Nearly 50 years later, this is exactly what we’ve seen with the Twitter Files, the CTI League, the Virality Project I just wrote about, and innumerable other “content moderation” projects. They start off promising to stop clearly offensive or ridiculous posts, like about microchips in vaccines. Quickly however the purview expands to include anything that “promotes hesitancy,” contains “anti-Ukraine narratives,” or too closely overlaps with the “information ecosystem” of, say, Russia. This is how Stanford’s Jay Bhattacharya or the Green Party’s Jill Stein end up deamplified on Twitter, and how Aaron Maté ended up on a list of accounts passed to the FBI by Ukrainian intelligence.
With censorship, it’s always about who gets the power to evaluate, not what’s being censored. The choice isn’t between getting rid of a few obvious Nazis, or not. It’s between giving someone like Jonathan Katz, or a bunch of Jonathan Katzes, sweeping power over content or not. Americans have always understood the second danger to be scarier, for good reason.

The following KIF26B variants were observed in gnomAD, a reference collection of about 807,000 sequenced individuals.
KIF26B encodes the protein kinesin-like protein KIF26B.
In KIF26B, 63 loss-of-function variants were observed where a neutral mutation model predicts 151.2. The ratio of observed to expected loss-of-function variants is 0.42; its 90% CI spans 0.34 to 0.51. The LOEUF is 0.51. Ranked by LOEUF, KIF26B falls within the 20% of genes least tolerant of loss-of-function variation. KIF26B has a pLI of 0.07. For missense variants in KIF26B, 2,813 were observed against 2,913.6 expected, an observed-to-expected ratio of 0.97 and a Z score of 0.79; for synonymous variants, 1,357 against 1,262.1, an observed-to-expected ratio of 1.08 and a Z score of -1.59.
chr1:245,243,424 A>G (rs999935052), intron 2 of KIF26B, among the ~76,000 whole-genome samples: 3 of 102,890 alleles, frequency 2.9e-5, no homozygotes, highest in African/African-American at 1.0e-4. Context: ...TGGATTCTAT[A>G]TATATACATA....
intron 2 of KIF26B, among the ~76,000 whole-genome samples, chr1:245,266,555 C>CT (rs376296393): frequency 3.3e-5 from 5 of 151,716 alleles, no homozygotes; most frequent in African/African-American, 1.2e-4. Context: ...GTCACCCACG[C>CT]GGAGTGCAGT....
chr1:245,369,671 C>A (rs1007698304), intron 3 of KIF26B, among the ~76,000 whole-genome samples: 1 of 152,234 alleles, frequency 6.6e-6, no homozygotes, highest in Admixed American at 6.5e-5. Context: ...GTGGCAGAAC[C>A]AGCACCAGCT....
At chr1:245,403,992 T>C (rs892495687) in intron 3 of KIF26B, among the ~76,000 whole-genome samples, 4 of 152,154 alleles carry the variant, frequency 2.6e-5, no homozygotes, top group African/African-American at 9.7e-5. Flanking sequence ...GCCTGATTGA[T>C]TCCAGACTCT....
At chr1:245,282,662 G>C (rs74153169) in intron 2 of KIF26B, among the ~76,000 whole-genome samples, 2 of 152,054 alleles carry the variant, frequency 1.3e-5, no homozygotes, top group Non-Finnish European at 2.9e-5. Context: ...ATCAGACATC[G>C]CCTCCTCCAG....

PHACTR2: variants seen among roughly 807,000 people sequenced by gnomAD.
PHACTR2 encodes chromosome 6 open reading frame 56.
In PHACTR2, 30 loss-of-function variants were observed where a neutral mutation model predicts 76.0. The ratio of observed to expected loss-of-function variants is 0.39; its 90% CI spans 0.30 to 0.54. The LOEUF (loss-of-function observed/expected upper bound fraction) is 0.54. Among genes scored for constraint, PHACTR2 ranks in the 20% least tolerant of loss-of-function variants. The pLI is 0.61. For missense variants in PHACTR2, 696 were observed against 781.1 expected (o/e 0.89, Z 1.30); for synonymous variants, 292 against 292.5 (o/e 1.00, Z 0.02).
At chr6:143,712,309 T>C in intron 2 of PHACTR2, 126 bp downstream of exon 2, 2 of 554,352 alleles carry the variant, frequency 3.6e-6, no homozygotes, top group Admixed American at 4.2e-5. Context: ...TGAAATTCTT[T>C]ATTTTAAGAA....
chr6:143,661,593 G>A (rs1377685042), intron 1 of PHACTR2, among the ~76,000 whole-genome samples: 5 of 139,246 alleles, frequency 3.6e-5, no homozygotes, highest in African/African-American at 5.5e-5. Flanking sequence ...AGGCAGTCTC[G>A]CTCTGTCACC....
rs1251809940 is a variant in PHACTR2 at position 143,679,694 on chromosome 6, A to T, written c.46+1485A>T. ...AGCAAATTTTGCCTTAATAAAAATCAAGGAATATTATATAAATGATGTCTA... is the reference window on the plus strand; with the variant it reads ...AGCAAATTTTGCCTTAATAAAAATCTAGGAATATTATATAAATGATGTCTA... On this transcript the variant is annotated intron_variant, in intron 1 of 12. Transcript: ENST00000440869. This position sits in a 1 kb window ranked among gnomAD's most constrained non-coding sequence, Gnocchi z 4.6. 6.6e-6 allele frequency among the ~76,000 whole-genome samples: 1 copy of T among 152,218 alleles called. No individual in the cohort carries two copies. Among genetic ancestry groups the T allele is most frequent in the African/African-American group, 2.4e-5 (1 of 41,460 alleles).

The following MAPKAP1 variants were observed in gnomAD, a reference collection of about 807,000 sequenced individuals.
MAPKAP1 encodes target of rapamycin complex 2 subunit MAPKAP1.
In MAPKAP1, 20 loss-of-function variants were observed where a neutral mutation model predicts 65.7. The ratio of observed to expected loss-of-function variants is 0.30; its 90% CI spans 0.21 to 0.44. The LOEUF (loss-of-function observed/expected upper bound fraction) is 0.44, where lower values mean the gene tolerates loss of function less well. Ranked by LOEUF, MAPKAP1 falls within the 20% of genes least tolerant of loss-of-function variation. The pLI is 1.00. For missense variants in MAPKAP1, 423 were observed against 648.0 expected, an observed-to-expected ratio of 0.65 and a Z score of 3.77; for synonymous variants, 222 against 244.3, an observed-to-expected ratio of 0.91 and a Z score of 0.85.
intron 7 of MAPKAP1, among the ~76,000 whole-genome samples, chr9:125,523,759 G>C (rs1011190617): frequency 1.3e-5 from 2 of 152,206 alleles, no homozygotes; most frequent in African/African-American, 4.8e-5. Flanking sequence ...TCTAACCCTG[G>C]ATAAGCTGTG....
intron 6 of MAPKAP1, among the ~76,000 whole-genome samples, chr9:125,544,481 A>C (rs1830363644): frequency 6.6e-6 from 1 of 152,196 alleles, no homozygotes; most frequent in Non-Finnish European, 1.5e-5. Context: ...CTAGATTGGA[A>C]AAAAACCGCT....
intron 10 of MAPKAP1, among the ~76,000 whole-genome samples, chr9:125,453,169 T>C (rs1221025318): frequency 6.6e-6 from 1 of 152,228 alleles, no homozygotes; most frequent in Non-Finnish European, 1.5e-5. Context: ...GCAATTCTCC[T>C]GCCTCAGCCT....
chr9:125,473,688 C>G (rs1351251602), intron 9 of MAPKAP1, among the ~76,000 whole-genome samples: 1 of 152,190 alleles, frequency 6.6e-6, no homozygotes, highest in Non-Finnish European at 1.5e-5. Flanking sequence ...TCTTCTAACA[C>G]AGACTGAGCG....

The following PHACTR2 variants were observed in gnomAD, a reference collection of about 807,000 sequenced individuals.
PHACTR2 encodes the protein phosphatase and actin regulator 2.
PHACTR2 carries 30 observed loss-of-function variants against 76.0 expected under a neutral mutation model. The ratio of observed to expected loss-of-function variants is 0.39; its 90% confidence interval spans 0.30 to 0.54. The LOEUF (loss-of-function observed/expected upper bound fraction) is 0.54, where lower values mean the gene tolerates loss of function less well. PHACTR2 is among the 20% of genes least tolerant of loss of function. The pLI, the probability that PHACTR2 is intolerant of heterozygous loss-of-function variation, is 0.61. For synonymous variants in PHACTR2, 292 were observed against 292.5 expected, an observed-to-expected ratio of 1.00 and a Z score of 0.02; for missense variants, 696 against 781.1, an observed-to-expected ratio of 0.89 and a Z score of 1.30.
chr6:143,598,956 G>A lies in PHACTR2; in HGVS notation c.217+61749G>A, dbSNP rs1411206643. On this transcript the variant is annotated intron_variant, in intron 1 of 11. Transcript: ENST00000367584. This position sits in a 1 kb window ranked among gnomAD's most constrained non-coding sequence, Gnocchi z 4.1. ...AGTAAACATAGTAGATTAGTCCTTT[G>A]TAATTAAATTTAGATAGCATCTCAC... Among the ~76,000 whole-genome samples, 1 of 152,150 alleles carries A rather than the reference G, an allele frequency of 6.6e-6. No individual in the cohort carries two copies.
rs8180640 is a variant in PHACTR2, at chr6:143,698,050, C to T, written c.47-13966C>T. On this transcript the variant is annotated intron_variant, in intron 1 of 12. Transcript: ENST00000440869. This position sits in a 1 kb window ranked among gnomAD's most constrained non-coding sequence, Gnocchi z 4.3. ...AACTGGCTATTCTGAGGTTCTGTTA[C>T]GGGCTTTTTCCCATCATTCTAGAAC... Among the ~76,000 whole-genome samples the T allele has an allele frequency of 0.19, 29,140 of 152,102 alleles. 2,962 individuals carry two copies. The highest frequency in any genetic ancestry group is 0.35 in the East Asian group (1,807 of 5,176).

People like Katz aren’t worried about the negligible impact of a couple of volleyball teams’ worth of creepy accounts amid tens of thousands. They’re fighting for a principle which does matter, namely making sure there isn’t even one small platform allowed to make its own decisions about content. It’s incredible how determined they are to bring everyone under the same heel. Of course, leverage is limited. Katz is threatening that he and others might take their acts elsewhere if demands aren’t met. The loss of such dazzling content would of course be an ordeal to bear, but one guesses that with effort, Substack would find a way to recover.
Where do these people come from, and how did they come to be so entitled? Are parents still doing their laundry? It’s amazing, in addition to being infuriating.